As I begin my research, my first desire is to find a guide. My ideal guide would know the cancer and be my advisor while I made the decisions. My ideal guide is hard to find. The medical community is limited, and there are more people with cancer than there are experts on the disease. So, I believe that I must become my own guide…an act of courage and confidence. From what I have read, Rhio must have made the same decision. I have heard it said, “If it is to be, it’s up to me.” The biggest advantage of this attitude is that I accept full responsibility for my own body, and, with that responsibility, comes power.
Before seeing the first doctor, I would make a list of all the ideas I had about cancer and my cancer in particular. Some of these ideas would be true and others might not. In today’s world, the easiest place to start validating these ideas is the Internet, and, from that starting place, I would clarify the accuracy of my initial assumptions and learn a basic knowledge of my disease.
I would prepare for each visit with a doctor or a therapist or a clinician by composing a list of questions. I would ask for as many details as they could provide me, and I would develop a deeper and deeper understanding of the disease and the treatments for it. I would listen to all that they could tell me (but I would not hear them if they talked about the end or showed a spirit of hopelessness). I would prod them to describe all the options, and I would ask their advice for where I could go to obtain more details on these options. I would ask them to both suggest avenues of study and to “open doors” for me so that I could access ongoing medical research into my cancer and evolving therapies that might become available while I am still available to take advantage of them.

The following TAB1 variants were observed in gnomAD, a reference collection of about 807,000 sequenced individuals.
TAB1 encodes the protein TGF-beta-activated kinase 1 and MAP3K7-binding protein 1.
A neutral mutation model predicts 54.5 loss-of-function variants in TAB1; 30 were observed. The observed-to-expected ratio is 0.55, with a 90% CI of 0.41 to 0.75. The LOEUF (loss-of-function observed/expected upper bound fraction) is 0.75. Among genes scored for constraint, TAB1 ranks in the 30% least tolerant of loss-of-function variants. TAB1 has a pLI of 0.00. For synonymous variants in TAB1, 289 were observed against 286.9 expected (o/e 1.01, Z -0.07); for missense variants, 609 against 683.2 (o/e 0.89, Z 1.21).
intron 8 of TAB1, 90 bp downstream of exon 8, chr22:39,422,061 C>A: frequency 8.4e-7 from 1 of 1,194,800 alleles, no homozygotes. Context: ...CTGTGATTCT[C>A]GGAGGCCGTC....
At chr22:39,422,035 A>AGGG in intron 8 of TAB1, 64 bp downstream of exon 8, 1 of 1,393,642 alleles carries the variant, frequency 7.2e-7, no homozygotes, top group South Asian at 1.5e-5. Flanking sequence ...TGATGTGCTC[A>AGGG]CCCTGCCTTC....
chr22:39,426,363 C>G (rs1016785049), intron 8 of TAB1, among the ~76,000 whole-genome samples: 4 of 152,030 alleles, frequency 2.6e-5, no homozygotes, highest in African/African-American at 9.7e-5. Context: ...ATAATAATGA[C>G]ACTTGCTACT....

Between each visit, I would keep developing my understanding through research and through conversations with experts when I could find them. This might also include “survivors” of my cancer. I would do everything I could to develop my understanding of my choices, but I expect that I would find that, in some cases, the right choice might not be scientifically clear. For those, I would trust my instincts.
Regardless, I would take ownership of all the decisions regarding my treatment. I am the only one who knows my fears and my hopes and my goals.